Mixing for Loudness – A Few Helpful Tips

To fight or not to fight? That’s the question when it comes to the popular “Loudness Wars” that all music producers are familiar with. If you have no clue what I’m referring to,  it’s the constant dilemma during mixing as whether to push your song’s loudness so high that it losses some of its quality or do you keep it quiet but maintain the track’s distinctive quality?

the loudness wars

Now, whatever horse you’re betting on in this race, you have to agree that some level of loudness is required if your song is ever going to be heard on radio or in the club, especially for contemporary genres such as rock, pop and house.

If you’re a mastering engineer, perhaps you wouldn’t want to mix loud but the client expects it. So how do you achieve those high levels without compromising your great project? Ride along!

How Loud Should Music Be in the Final Mix?

First of all, why is it even important to make your song loud? For starters, while most music players automatically balance the loudness level of all tracks, some don’t. So if your song is played on such a player, it will seem quieter relative to other commercial tracks.

Secondly, your song may become less popular as most DJs won’t play it in clubs and festivals, owing to its quiet nature. No one wants to play a record that lacks ‘dance-floor energy’.

mixing for loudness

Mixing a Song Properly

In pursuit of a loud but great-sounding mix, this goal must be achieved at the mixing stage during production. Trying to get the mix louder at the mastering stage often leads to distortion and clipping. Speaking from personal experience, here are some things to pay attention to during the mixing stage of a song:

  • Leave some headroom during mixing – From what I’ve observed, mixing at high loudness levels usually leads to a mix that has very little room for improvement. I would recommend somewhere in the neighborhood of -4db. Increasing the loudness will then be easier.

music mix with headroom

  • Compression – I know this sounds cliché but bear with me for a moment.  Generally when you leave a track with a lot of huge transients, (and the main body of the track is quieter), turning up the volume will almost certainly lead to clipping. This is especially true for kicks. If you compress the kick first, then turn up the loudness, you lose some punch but your kick sounds louder without clipping.

compressing a kick drum

  • Pay attention to your loudest instrument – Depending on the genre of your song, some instruments will be louder than others. In drum and bass for example, the drums take priority. The temptation, especially for new producers, is usually to turn this ‘preferred instrument’s’ loudness up. Don’t! What you need to do is reduce the loudness of the other instruments, thereby making room for the important stuff. Every time you push up the loudness of one track, you lose some headroom that you will need later. Do remember that for an instrument to stand out, everything else has to make room, i.e. be quieter.

loudest instrument in a mix

  • EQ is your best friend – Most people think that equalization is only use to clean up tracks and stir things up a little. Most people are wrong! The low end of a mix can rob your track of valuable headroom. This works indirectly. Most instruments contain low frequencies that aren’t necessary but play a huge part in reducing the loudness.  But it’s not as simple as cutting off all the low frequencies. Every sound is different and you need to pay very close attention to see what frequency range is the real culprit. In my experience, 9 out of 10 times the low-mids are usually to blame for lost headroom. I’ll give you an example: You could have a vocal that is most audible at 3 kHz but your lead piano is also getting in the way at this frequency. EQ-ing the piano by slightly reducing the frequencies at this area will make your vocals sound clearer and louder. While you have not touched the vocal, this psychoacoustics trick deceives your ears into thinking that your vocal track is now louder.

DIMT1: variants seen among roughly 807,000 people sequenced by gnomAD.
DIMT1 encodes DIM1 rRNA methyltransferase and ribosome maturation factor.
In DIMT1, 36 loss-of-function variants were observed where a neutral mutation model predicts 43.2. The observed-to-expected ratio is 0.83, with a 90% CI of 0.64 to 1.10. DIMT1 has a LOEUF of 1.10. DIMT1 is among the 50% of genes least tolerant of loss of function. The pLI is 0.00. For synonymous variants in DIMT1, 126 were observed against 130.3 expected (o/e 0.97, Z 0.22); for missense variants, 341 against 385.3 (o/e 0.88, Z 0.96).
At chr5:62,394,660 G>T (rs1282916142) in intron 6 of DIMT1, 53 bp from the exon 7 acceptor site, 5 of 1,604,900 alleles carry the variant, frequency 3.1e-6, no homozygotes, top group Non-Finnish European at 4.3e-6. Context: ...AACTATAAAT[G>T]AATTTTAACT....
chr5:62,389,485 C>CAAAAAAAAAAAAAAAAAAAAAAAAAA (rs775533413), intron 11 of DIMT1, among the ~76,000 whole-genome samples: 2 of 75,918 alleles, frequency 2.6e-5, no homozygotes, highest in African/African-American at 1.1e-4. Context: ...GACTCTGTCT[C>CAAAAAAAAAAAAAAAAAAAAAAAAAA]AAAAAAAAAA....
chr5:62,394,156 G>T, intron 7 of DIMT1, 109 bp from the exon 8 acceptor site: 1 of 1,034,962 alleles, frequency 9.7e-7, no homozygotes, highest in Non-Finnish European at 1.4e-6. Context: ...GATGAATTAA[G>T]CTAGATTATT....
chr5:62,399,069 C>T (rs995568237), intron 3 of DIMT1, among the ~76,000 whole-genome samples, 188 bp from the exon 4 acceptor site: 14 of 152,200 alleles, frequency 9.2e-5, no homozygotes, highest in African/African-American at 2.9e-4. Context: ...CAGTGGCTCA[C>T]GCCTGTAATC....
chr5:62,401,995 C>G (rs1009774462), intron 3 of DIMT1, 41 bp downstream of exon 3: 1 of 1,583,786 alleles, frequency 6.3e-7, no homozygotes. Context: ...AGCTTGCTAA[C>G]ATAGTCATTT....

eqing a vocal mix

Achieving the Final Mix

Okay, now you’ve created a sweet mix that sounds clean and has quite enough headroom. What next? It becomes a matter of preference. You slowly increase the loudness using compression and then limiting. (NOTE: Always make sure the limiter comes after the compressor in the master chain, for obvious reasons).

For those who don’t know what a compressor does, it simply reduces the loudness of some instruments, while enhancing that of the quieter ones. The end result is a mix with a smaller dynamic range. Again, compression is a matter of taste. You, as the producer know how you want your song to sound in the end so play with the compressor until you’re happy with what you hear.

mixing with a limiter

Next comes the limiting. The limiter will then get your mix to the loudness you desire by allowing the peaks you want to cut through (based on your settings) and then cutting off everything else.

Final Thoughts

The ideas we just discussed are not set in stone. Every mix is different as is every producer. My goal is just to give you some ideas and hacks that might come in handy when you hit the studio next. The loudness war doesn’t seem to be coming to an end soon and I hope you find these tips helpful on your next project.

Also, I’m not really a fan of fancy plug-ins so feel free to explore that if that’s your cup of tea, in your pursuit of a quality yet loud mix. I’m a minimalist by nature so I don’t believe you need Ozone in your DAW, to create a great track. Nevertheless, apply those tips and see what you can do. Happy producing

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